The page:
Click picture to enlarge

Given below the ACL protection created on the new localhost.xml file.

SQL> SELECT DBMS_XDB.getPrivileges('/sys/acls/localhost.xml').getCLOBVal() FROM DUAL;

And use of DBMS_NETWORK_ACL_ADMIN can be further investigated via:

SQL> DESC dba_network_acls
 Name                                      NULL?    TYPE
 ----------------------------------------- -------- --------------
 HOST                                      NOT NULL VARCHAR2(1000)
 LOWER_PORT                                         NUMBER(5)
 UPPER_PORT                                         NUMBER(5)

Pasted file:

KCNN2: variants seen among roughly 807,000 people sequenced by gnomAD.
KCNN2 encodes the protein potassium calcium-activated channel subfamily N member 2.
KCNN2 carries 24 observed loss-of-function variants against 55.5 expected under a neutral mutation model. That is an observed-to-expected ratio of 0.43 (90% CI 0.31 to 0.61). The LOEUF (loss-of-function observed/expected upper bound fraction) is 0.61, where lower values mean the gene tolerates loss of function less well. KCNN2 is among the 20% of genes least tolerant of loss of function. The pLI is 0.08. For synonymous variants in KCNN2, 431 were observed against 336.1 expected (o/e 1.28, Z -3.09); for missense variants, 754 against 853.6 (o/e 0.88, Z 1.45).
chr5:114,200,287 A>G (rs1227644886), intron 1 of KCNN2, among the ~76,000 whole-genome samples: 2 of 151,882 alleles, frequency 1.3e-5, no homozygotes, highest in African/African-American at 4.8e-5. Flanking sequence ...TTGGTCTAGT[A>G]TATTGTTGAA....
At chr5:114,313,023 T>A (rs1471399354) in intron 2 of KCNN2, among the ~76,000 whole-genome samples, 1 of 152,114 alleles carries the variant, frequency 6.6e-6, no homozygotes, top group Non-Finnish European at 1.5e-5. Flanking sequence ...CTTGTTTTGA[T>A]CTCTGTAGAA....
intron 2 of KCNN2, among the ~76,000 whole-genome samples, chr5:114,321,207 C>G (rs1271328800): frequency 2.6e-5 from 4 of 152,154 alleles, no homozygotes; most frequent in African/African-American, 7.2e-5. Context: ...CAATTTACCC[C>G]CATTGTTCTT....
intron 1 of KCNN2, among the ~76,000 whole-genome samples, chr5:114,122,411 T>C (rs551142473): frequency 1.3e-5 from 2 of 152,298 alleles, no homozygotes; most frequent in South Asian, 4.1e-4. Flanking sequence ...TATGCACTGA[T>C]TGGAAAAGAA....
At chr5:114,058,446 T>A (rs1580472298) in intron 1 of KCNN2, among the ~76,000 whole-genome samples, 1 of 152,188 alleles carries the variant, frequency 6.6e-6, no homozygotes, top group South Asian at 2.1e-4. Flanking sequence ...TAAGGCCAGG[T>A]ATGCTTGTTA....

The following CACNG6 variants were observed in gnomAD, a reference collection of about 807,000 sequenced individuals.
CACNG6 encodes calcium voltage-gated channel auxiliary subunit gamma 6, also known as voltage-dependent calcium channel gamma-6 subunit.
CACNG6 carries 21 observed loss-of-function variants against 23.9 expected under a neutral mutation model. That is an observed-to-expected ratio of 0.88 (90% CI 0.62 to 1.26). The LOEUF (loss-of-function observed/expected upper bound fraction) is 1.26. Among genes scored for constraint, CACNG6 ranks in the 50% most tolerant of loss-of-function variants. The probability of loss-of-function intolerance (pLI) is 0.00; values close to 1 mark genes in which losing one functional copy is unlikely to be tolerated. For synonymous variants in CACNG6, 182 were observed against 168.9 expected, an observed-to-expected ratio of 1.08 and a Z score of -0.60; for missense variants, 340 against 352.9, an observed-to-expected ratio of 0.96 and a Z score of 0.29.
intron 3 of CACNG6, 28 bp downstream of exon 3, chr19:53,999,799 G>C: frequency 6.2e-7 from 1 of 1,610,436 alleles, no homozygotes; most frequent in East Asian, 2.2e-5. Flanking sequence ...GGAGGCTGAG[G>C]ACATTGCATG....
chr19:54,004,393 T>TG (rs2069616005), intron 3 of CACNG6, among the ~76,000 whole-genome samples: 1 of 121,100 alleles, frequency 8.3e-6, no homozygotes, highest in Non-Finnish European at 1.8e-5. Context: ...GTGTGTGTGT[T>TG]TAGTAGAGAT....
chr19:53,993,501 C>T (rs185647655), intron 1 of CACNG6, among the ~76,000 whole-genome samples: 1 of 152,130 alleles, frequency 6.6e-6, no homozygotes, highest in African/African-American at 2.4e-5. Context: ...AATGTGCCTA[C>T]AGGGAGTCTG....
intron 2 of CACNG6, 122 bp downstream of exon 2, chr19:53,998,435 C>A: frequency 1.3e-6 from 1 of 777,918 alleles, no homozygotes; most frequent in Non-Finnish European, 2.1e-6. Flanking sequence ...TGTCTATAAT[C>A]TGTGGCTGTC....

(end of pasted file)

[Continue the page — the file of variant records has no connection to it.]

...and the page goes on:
ACL                                                VARCHAR2(4000)
 ACLID                                     NOT NULL RAW(16)
SQL> SELECT * FROM dba_network_acls
  2  ;

The WSDL Web Service Security is also controlled via the xdbconfig.xml file (which on itself is of course also protected via ACL’s).

SQL> SELECT DBMS_XDB.getPrivileges('/xdbconfig.xml').getCLOBVal() FROM DUAL;
SQL> XQUERY DECLARE DEFAULT element namespace ""; (: :)
  2    (: This path IS split OVER two LINES FOR documentation purposes ONLY.
  3       The path should actually be a single long line. :)
  4    FOR $doc IN fn:doc("/xdbconfig.xml")/xdbconfig/sysconfig/protocolconfig/httpconfig/
  5                       webappconfig/servletconfig/servlet-list/servlet[servlet-name='orawsv']
  6  RETURN $doc
  7  /
  Oracle Query Web Service
  Servlet FOR issuing queries AS a Web Service

In all, I have to study these new security items more carefully; they could be a potential show stopper regarding database upgrades.